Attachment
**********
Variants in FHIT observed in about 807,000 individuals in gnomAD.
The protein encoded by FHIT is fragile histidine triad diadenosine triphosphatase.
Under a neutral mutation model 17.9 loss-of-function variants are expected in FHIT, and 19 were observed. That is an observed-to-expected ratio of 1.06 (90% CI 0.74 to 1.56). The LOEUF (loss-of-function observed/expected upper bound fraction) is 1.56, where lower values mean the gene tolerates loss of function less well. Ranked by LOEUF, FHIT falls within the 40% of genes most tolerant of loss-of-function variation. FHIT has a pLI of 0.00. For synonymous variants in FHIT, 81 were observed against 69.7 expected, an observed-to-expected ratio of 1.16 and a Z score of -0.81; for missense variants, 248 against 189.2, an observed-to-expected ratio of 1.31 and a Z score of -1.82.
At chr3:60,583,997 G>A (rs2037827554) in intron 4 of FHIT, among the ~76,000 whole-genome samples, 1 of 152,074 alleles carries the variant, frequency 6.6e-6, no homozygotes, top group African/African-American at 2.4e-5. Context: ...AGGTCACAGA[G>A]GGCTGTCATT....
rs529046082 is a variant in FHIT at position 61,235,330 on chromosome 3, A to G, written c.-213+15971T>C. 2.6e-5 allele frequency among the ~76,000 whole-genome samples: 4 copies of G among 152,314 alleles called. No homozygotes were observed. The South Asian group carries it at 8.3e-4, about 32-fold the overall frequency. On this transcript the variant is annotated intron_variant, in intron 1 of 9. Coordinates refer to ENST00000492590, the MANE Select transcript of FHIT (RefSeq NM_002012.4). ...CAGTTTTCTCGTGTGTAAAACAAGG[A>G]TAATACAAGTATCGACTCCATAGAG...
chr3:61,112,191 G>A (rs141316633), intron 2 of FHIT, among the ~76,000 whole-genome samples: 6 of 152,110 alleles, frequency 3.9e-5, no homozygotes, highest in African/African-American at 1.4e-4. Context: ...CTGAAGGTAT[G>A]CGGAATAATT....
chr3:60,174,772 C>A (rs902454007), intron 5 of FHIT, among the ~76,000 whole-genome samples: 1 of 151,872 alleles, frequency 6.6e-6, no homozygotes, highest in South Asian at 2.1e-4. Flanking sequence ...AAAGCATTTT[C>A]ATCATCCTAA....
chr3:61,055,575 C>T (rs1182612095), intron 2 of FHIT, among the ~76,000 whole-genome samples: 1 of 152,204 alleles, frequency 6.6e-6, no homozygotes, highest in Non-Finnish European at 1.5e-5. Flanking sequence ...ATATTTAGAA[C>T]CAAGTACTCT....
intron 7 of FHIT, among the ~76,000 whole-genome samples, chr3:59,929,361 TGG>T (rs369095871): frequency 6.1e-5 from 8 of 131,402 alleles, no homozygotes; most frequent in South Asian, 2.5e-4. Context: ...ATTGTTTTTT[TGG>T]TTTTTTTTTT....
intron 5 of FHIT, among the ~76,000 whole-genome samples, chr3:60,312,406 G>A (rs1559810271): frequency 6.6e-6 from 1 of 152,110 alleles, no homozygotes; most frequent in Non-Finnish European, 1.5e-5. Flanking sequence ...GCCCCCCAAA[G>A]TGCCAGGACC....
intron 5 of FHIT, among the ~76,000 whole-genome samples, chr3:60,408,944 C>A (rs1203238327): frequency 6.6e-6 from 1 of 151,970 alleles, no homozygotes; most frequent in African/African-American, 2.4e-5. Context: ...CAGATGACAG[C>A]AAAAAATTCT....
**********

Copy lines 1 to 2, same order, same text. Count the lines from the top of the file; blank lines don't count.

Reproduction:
Variants in FHIT observed in about 807,000 individuals in gnomAD.
The protein encoded by FHIT is fragile histidine triad diadenosine triphosphatase.